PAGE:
NEW ORLEANS — Maybe next time, when he has a bit more experience, a little more cunning, Colin Kaepernick will win his Super Bowl.
As it was, the man with less than a season's worth of real professional playing time nearly pulled off an improbable comeback in one of the strangest of NFL championship games Sunday night.
Along the way, he almost turned that theory of Super Bowls being won strictly from the pocket inside out.
SUPER BOWL: Ravens hold off 49ers
BOX SCORE: Ravens 34, 49ers 31
The mobile Kaepernick played lights out after Super Bowl XLVII went dark during a 33-minute, third-quarter power failure. So close, so young with so much more time for Kaepernick, 25, to lead the San Francisco 49ers where he nearly did Sunday night.
And how close he came, driving them inside the 10 in the final two minutes, trailing by five points. But there it ended. An overthrown pass on fourth down falling softly beyond the corner of the end zone sealed a 34-31 Baltimore victory. Questions were raised about contact in the end zone with Ravens defensive back Jimmy Smith and 49ers receiver Michael Crabtree, but no call was made.
The Ravens tried to run out the clock and then took a safety to create the final margin.
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On that last series, the 49ers threw three passes for Crabtree, three incompletions, though Harbaugh insisted Kaepernick, the ever-dangerous red-zone threat with his sprinter's speed had the option to run on one of the plays.
Asked if he wanted to run on that last possession Kaepernick said, "Not necessarily run it. We were just trying to score any way that we could. ... That last drive when we got the ball and had time to go down and score a touchdown, we thought it was our game.''
Afterwards, Kaepernick took responsibility. saying, "I feel like I made too many mistakes for us to win. It wasn't enough."
There is no question Kaepernick is a new-wave game changer — and he almost proved it sooner than expected by nearly bringing the 49ers back from a 22-point, second-half deficit.
After the unprecedented outage, Kaepernick rallied the 49ers on a 23-3 rampage. First, he hit Crabtree for a 31-yard touchdown, then led an 80-yard scoring drive capped by Frank Gore's 6-yard touchdown run and set up a David Akers field goal.
Kaepernick also raced 15 yards into the end zone only to throw an incompletion on the tying two-point conversion pass with 10 minutes, 54 seconds left in a defeat that bodes well for the franchise's future. He even made some history on that touchdown run. It is the longest by a quarterback in Super Bowl history.
Kaepernick can feel no shame in losing out to Ravens quarterback Joe Flacco, who put the finishing touches on a Joe Montana-esque postseason. Flacco's three touchdown passes gave him 11 scoring passes without an interception this postseason, equaling Montana's 1989 total en route to winning Super Bowl XXIII.
Kaepernick didn't flinch in leading the 49ers to postseason wins against Green Bay in the divisional round, then rallying them from a 17-0 deficit to a 28-24 NFC Championship game win against Atlanta.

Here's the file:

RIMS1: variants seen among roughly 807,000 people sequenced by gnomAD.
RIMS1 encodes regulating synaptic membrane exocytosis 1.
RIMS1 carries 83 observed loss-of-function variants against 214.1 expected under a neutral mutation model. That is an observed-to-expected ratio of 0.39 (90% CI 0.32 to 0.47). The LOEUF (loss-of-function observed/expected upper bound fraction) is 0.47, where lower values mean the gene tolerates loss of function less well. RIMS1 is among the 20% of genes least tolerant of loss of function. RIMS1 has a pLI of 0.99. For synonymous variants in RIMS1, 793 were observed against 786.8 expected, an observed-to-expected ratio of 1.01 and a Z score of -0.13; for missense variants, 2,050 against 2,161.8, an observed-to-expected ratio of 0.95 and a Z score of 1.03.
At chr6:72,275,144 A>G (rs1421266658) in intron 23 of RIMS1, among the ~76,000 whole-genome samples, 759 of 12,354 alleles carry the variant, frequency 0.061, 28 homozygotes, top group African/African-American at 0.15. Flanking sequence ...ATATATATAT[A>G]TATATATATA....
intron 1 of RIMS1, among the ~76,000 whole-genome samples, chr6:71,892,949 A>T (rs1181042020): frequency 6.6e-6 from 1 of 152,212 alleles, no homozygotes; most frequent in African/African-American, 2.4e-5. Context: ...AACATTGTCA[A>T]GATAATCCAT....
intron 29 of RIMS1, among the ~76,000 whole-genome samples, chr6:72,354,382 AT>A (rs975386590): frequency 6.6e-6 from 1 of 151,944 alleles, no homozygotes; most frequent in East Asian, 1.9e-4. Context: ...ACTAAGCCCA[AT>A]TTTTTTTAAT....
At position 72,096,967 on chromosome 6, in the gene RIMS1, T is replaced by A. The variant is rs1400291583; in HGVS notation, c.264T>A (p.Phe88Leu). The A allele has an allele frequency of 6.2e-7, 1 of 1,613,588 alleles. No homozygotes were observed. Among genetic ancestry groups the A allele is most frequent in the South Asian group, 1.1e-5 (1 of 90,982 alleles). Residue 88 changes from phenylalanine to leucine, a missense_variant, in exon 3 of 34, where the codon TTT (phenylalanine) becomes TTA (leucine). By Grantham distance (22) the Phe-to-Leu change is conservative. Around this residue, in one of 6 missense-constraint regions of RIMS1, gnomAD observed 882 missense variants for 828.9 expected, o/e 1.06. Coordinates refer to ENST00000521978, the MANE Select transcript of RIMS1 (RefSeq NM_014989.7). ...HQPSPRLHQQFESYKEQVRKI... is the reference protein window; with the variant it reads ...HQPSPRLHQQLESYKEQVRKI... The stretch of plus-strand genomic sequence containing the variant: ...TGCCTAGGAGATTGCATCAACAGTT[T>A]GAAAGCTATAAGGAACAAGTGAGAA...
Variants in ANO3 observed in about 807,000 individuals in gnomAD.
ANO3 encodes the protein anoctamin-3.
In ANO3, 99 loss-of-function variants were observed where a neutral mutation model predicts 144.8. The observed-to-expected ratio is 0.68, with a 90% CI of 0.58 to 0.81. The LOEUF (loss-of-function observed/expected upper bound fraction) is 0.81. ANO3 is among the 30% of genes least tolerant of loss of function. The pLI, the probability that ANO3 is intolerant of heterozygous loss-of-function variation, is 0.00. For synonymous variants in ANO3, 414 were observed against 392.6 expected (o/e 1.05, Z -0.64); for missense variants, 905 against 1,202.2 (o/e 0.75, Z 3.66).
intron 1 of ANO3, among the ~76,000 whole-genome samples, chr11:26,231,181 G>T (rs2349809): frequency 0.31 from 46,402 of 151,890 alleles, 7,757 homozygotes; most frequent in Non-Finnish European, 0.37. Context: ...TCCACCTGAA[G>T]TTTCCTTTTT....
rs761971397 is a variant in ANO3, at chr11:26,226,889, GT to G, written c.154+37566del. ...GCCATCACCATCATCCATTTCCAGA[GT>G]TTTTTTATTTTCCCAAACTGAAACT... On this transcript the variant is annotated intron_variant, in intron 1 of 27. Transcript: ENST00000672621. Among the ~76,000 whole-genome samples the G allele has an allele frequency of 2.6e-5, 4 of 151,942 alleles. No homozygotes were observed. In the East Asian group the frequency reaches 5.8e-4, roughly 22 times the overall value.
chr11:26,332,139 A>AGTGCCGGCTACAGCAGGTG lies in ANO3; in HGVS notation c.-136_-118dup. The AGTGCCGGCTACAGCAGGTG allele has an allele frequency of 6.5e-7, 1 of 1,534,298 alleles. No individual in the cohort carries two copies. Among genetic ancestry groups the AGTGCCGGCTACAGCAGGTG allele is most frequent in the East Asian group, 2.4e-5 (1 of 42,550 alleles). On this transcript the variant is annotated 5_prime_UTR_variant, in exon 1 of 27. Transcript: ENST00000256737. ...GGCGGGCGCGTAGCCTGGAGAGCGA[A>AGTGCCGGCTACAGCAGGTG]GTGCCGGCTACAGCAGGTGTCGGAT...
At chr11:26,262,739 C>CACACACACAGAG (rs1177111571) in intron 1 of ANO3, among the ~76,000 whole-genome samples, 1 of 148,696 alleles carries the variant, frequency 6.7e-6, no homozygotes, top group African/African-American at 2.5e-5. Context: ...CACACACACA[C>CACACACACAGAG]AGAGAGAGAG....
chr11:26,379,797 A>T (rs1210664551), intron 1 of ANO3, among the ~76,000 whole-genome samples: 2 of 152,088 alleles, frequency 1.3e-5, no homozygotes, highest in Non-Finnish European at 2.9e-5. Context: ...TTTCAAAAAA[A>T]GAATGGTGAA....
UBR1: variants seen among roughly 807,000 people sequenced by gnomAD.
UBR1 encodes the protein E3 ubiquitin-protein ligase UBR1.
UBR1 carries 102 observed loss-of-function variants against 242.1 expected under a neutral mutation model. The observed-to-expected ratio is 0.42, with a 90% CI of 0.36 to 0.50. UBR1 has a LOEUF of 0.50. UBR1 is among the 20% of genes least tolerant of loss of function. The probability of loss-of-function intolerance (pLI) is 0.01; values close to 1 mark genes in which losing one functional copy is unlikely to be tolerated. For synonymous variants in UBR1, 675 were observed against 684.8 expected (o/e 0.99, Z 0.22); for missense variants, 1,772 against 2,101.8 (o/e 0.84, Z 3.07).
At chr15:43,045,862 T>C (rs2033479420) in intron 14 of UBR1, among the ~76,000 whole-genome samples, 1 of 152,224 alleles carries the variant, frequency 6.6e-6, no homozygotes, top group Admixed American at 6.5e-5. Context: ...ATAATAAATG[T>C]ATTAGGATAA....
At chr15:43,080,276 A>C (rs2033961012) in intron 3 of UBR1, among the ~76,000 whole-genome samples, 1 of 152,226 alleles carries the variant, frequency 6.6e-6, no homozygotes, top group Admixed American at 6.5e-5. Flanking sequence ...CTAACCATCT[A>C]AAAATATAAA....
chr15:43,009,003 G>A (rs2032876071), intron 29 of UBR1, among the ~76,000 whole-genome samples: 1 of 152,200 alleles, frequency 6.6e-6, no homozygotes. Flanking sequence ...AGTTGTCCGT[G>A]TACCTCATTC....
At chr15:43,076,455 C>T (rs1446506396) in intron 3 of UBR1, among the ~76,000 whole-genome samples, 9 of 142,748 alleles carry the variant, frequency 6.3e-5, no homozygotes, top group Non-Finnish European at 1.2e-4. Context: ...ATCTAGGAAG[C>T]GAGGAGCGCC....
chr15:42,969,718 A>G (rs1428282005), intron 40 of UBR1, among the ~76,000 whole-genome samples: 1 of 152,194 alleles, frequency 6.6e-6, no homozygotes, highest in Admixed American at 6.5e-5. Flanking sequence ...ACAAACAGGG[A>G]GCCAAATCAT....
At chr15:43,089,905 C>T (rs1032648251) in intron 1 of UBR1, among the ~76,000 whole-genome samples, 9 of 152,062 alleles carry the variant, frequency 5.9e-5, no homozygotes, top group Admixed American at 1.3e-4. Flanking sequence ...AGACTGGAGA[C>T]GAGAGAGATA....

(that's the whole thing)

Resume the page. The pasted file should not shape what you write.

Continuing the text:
And he kept his poise even after Jacoby Jones returned the second half kickoff 108 yards to put Baltimore up, 28-6.
Too bad Kaepernick, who threw for 302 yards and ran for 62 more, didn't start hotter. He completed just 8 of 13 passes for 139 first-half yards. That led to CBS analyst Bill Cowher suggesting the 49ers pull him for Alex Smith, who began the season as the starter. Kaepernick in the second showed why that would have been the wrong move.
"Things were working in the first half," he said. "We just didn't finish our drives.''
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As if he thought his quarterback played a good game, 49ers coach Jim Harbaugh said, "I did, yes. He made some good throws. One got a little high. But he led a fourth quarter comeback. In my opinion, that last series should have continued.
"We battled back and were right on the brink of winning."
Kaepernick's inexperience surfaced on a second-quarter crossing pass intended for Randy Moss that sailed right to ball-hawking safety Ed Reed.
Yet Kaepernick's early mistake didn't prove costly when Ravens coach John Harbaugh's call for a fake off Justin Tucker's 32-yard field goal attempt backfired when Tucker was stopped just short of the first down.
Best player in the draft. That is what Jack Harbaugh, Jim and John's dad, said Jim told him before the 49ers traded up to select the dual-threat Nevada quarterback in the 2011 second round. He also made an impression on the Ravens Terrell Suggs.
"Nobody hates quarterbacks more than me but I've got the utmost respect for Colin Kaepernick," said Suggs. "The kid can play.
"That Colin Kaepernick, that kid is special. Just when I thought he was going to break, he's a young quarterback, he's going to break, down 28-6. The lights went out. That boy kept coming, he got rolling and he made some impressive throws.
"I take my hat off to him. He's going to play in a few of these.''
Kaepernick seemed to agree. Asked what went through his mind after a tough loss he said simply, "We'll be back.''
And next time, he might just win it.